What Are the Different Types of Investment Qualifications?

K. Kinsella
K. Kinsella
Woman holding a book
Woman holding a book

People who work as brokers, traders and sales representatives for financial firms normally possess investment qualifications that may include various types of licenses and certain academic credentials. In many countries, securities laws prevent non-licensed individuals from working for investment firms while finance related degrees are among the investment qualifications that are desired, and sometimes required, by employers. Additionally, most employers also require applicants for broker and trading positions to have some prior sales experience.

Regulatory authorities in many countries administer several different types of securities licensing examinations and people who successfully pass the most basic of these examinations receive a license that enables them to sell shares in mutual funds. Licensed sales representatives normally have to pass a second and more complex examination before they receive a license to sell individual stocks and bonds. In some countries, these licenses are issued at the national level while in other instances regional government agencies oversee the licensing process. Consequently, regional and national licences are usually included among the investment qualifications that applicants for broker positions must possess.

Traders and other investment firm employees are responsible for conducting transactions on behalf of their employers and outside clients. These transactions often involve significant sums of money and many firms prefer to employ individuals with accounting or finance degrees to fill these jobs. Aside from undergraduate degrees, some financial firms attempt to recruit people who have postgraduate degrees in financial accounting, financial regulation or securities-related topics.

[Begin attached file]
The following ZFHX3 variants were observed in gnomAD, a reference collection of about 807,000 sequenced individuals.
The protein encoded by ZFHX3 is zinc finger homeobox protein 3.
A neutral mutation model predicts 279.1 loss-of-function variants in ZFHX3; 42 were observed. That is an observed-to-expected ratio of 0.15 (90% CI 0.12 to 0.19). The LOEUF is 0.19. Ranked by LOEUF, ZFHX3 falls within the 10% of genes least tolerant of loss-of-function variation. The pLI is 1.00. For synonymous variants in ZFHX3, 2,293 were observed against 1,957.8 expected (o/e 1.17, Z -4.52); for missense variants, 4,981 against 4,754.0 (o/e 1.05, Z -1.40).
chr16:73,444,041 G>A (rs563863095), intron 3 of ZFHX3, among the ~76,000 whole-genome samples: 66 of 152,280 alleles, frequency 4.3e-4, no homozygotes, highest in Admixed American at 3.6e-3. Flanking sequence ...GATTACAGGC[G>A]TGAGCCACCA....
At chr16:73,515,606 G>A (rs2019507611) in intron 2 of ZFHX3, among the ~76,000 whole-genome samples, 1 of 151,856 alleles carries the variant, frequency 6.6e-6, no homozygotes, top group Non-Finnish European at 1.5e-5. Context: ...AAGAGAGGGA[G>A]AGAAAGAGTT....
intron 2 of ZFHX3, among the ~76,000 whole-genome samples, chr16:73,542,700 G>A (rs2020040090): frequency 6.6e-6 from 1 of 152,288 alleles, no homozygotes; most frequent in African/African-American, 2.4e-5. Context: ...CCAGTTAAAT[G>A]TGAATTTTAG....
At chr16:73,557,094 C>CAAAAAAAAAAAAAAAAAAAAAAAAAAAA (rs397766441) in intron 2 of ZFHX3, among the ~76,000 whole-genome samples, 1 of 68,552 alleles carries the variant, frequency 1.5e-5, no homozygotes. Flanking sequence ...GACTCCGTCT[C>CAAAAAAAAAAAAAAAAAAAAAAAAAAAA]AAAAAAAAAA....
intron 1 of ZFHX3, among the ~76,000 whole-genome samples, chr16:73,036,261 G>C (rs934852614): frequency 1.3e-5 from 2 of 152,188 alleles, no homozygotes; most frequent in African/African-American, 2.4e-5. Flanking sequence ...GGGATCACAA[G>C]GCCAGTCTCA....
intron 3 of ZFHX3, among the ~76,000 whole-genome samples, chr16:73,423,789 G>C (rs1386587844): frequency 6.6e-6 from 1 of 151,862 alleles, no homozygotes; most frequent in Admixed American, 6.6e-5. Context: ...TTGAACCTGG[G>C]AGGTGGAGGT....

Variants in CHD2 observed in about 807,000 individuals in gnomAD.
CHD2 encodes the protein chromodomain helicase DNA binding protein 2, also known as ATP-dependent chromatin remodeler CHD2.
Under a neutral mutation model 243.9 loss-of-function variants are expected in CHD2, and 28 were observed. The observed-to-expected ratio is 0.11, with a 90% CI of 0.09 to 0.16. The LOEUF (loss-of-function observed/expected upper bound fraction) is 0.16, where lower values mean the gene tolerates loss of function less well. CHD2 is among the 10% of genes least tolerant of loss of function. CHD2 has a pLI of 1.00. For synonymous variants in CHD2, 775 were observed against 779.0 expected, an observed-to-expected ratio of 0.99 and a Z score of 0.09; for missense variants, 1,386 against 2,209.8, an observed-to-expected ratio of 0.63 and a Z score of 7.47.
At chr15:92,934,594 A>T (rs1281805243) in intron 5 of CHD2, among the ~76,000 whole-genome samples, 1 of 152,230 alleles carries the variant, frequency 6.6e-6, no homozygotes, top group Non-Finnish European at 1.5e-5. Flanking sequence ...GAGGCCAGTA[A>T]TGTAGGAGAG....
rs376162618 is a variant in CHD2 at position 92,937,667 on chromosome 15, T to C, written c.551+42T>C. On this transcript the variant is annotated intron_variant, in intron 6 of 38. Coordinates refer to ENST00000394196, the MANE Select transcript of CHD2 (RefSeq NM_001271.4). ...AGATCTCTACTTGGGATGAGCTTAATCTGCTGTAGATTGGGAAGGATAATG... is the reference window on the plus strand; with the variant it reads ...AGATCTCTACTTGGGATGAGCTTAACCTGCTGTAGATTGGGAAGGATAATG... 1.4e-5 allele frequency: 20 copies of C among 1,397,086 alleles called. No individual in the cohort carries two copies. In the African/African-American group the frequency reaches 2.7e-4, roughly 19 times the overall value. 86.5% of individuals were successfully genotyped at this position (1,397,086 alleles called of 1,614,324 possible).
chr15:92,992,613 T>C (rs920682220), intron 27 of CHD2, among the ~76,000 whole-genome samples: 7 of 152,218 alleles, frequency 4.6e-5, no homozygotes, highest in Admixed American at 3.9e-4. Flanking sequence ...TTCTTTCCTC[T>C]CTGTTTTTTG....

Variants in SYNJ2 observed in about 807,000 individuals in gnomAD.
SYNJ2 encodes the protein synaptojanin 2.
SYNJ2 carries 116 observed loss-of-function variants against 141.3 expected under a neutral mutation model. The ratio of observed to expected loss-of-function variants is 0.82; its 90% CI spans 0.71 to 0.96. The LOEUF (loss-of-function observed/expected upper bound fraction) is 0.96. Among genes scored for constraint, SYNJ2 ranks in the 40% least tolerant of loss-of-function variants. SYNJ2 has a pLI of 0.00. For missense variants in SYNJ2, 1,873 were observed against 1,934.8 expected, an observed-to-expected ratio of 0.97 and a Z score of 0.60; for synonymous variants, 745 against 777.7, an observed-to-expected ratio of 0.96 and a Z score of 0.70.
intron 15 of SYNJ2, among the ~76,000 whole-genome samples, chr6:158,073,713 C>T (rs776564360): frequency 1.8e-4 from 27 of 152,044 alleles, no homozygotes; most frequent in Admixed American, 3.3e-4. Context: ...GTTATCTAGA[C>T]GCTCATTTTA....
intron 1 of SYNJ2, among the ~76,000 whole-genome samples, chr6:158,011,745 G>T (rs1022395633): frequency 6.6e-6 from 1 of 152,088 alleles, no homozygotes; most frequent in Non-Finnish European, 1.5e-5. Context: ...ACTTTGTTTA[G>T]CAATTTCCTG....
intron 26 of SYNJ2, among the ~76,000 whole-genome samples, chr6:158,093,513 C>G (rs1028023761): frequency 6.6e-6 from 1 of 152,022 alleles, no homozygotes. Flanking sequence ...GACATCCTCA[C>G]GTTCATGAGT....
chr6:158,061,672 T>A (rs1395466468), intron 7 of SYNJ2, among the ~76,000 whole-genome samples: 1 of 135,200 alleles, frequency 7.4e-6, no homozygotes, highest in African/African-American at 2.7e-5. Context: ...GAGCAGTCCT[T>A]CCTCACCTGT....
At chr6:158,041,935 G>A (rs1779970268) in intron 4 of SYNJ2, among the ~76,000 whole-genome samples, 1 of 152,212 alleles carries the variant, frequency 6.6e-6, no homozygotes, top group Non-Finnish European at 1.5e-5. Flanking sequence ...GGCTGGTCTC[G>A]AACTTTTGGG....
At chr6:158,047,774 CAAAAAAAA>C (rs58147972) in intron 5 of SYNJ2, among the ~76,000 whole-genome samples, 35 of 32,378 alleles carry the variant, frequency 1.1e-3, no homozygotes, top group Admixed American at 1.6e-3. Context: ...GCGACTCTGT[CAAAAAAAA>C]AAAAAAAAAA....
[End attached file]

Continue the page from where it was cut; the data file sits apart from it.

Investment firms generate revenue by marketing securities to individuals and institutional investors. Therefore, the brokers who solicit sales must possess good sales and customer service skills. Some firms prefer to hire individuals who have prior experience selling financial products such as loans, credit cards or deposit accounts. These individuals must successfully pass securities licensing classes before they can begin working as brokers.

In many nations, insurance contracts are among the marketable securities that can be traded on stock exchanges. Laws in many places prevent anyone other than licensed insurance agents from selling or marketing these policies. Insurance licenses are among the investment qualifications that financial firms often require applicants for trading or broker positions to possess.

Aside from employing individuals to market securities, financial firms also employ in-house auditors and attorneys as compliance officers and these individuals are responsible for ensuring that company employees do not violate securities laws. Auditors employed by investment firms normally have to be certified accountants while lawyers must have graduated law school and be licensed to work as attorneys. Many employers prefer to hire attorneys and accountants whose qualifications include prior securities related experience.

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      Woman holding a book